HEARnet Online has independent and easy to understand information that explains:
For a quick and easy overview of hearing loss and hearing technologies, click on the Interactive Ear animation below.
HEARnet Online can help you quickly understand the different types of commercially-available hearing technologies so you can find the right device for your hearing needs.
For a quick and easy overview of the range of current commercial hearing technologies, click on the Interactive Ear animation below.
HEARnet Online's Interactive Ear provides a visual way to quickly understand hearing loss and how different technologies can be used to manage certain types of hearing loss. Click on the Understanding Hearing Loss & Hearing Technology tabs below to find out more.
EXPLANATION OF HEARING LOSS
A conductive hearing loss is caused by a problem in the ear canal, ear drum or middle ear. It results in the sound being heard more softly or only hearing lower-pitched sounds.
Conductive hearing loss can be permanent or temporary.
A sensorineural hearing loss is caused by damage to the cochlea or auditory nerve. It results in some sounds being heard more softly or not at all.
May be temporary (i.e. noise induced) but usually permanent. Can be associated with Tinnitus (ringing in the ears).
Mixed hearing loss occurs when both sensorineural and conductive hearing losses are present.
It can result from one cause such as otosclerosis or two different causes.
Auditory Processing Disorders is an umbrella term that describes a variety of conditions thought to result from difficulties in processing the sensation of sound.
Hearing loss problems related to APD do not show up on audiograms.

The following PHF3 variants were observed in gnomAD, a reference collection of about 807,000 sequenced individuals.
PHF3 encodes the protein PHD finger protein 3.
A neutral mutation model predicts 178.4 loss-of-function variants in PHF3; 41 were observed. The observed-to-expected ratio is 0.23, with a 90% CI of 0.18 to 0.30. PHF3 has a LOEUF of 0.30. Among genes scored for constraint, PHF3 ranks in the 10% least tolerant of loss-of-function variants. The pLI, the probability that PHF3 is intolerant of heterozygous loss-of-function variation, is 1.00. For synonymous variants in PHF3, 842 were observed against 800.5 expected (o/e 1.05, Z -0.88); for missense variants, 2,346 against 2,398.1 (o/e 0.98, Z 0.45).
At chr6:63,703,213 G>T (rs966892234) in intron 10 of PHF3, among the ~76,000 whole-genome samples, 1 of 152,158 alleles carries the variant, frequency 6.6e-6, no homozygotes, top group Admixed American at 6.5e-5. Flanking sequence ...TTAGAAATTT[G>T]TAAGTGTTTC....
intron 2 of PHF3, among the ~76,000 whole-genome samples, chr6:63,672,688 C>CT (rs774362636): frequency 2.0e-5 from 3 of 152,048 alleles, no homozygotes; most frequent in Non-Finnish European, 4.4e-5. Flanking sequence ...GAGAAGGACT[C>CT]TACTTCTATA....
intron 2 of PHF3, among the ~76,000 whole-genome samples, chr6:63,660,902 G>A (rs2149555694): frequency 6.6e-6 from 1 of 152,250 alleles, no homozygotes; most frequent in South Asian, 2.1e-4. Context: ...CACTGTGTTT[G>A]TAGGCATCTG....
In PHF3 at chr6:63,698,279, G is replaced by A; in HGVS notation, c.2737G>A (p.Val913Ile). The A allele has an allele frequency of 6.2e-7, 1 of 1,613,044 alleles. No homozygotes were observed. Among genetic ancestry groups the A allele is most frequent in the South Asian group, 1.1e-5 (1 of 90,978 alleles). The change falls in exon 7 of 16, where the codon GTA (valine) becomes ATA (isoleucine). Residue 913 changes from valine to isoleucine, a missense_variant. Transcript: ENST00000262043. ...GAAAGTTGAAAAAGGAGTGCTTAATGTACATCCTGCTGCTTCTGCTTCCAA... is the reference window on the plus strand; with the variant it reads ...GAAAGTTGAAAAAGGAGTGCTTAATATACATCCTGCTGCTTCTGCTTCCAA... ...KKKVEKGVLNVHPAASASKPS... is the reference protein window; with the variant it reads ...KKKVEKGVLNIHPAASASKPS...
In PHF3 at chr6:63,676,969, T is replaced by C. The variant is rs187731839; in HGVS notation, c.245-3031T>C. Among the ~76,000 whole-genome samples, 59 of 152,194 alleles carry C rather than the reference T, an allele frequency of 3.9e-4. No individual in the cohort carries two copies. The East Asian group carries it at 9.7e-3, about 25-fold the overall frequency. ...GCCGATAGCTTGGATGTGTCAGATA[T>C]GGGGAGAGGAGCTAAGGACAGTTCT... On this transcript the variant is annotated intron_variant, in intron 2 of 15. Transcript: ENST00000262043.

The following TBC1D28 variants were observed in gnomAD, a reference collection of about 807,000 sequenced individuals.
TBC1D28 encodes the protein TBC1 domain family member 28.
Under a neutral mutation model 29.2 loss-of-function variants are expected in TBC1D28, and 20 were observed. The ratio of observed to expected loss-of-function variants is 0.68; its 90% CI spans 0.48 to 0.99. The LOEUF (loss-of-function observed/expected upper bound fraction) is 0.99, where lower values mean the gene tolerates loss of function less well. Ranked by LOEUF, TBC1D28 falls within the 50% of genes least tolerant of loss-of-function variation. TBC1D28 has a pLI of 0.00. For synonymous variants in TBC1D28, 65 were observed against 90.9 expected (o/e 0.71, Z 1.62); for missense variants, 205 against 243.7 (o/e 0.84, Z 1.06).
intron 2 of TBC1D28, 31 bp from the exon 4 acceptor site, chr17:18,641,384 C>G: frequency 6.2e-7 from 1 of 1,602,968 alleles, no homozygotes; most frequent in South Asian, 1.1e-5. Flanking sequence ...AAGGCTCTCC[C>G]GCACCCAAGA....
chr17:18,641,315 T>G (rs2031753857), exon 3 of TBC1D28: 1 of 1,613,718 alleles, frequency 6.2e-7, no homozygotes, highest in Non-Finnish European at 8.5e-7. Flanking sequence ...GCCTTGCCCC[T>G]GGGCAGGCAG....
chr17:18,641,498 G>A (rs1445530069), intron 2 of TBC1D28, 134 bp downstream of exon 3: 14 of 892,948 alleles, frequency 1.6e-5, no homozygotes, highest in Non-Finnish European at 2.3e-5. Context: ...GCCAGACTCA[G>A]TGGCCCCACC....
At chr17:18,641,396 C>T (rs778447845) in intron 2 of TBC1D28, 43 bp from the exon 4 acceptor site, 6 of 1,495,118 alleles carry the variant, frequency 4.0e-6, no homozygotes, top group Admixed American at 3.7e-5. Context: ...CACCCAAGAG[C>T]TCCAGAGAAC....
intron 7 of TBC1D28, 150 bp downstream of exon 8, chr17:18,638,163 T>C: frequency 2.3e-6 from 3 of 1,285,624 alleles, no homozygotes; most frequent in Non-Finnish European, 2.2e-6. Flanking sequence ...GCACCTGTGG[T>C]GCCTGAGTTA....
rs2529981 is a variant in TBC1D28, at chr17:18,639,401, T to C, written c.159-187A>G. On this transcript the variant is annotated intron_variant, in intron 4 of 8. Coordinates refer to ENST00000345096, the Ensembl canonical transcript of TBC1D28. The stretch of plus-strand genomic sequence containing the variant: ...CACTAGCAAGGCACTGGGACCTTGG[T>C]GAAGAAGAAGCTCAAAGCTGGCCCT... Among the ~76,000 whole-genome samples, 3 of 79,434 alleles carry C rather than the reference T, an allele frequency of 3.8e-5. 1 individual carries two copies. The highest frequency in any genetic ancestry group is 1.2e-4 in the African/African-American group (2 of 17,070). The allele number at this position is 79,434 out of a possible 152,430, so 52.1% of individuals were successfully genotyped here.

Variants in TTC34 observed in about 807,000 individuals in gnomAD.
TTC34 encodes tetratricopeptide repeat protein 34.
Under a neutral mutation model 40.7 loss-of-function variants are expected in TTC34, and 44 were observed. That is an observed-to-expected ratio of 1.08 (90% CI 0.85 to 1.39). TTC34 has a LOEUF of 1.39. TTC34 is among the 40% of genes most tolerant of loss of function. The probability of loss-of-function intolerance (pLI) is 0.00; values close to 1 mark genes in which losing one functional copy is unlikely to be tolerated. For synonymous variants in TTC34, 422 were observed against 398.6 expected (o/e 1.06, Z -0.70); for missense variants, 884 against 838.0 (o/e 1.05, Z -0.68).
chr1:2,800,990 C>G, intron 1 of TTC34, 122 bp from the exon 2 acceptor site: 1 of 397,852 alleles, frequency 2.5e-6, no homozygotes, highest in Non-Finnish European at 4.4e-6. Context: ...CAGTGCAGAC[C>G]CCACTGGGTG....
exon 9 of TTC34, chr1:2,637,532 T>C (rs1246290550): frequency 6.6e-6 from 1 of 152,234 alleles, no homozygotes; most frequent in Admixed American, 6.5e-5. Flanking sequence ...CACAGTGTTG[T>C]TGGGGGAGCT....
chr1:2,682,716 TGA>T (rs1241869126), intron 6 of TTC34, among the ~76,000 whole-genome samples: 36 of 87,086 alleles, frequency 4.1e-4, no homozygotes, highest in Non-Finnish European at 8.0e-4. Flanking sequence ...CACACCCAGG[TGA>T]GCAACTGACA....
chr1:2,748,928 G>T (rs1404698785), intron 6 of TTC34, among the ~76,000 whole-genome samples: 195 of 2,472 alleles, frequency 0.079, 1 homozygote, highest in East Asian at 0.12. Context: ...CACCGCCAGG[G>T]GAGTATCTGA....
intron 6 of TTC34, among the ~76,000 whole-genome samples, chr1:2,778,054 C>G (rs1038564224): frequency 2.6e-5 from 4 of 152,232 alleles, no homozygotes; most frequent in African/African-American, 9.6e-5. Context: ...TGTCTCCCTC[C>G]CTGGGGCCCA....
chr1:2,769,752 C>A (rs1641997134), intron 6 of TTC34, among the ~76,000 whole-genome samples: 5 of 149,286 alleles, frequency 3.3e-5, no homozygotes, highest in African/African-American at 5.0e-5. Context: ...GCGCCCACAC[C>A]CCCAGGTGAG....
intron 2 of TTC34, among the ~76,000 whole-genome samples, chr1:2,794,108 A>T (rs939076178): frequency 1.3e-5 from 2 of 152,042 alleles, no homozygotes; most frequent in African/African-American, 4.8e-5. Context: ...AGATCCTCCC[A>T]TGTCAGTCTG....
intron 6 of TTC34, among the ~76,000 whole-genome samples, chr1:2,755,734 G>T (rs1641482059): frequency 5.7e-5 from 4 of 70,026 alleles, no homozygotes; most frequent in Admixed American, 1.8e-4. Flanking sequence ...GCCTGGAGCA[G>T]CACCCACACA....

HOW IT WORKS
Hearing aids pick up sound and increase loudness so they are both audible and comfortable to the listener.
Hearing aid features keep updating as technology improves.
The bone conductor picks up the sound, amplifies it and transmits it as a vibration. This vibration then travels to the cochlea resulting in stimulation of hearing receptors.
A middle ear implant picks up the sound, amplifies it and then transmits it as an electronic signal along a conductor link. This vibrates a transducer attached to one of the small middle ear bones located next to the cochlea.
A cochlear implant picks up sound and transforms it into electrical pulses. These electrical pulses are passed onto an 'electrode array' implanted into the cochlea that stimulates the hearing nerve cells directly.
A hybrid cochlear implant picks up sound and transmits the low frequencies to a hearing aid which amplifies the sound and transmits the high frequencies to a cochlear implant.
An auditory brainstem implant picks up the sound, transforms it into a series of electrical pulses which are delivered to the auditory brainstem, where signals from the auditory nerve would normally be delivered.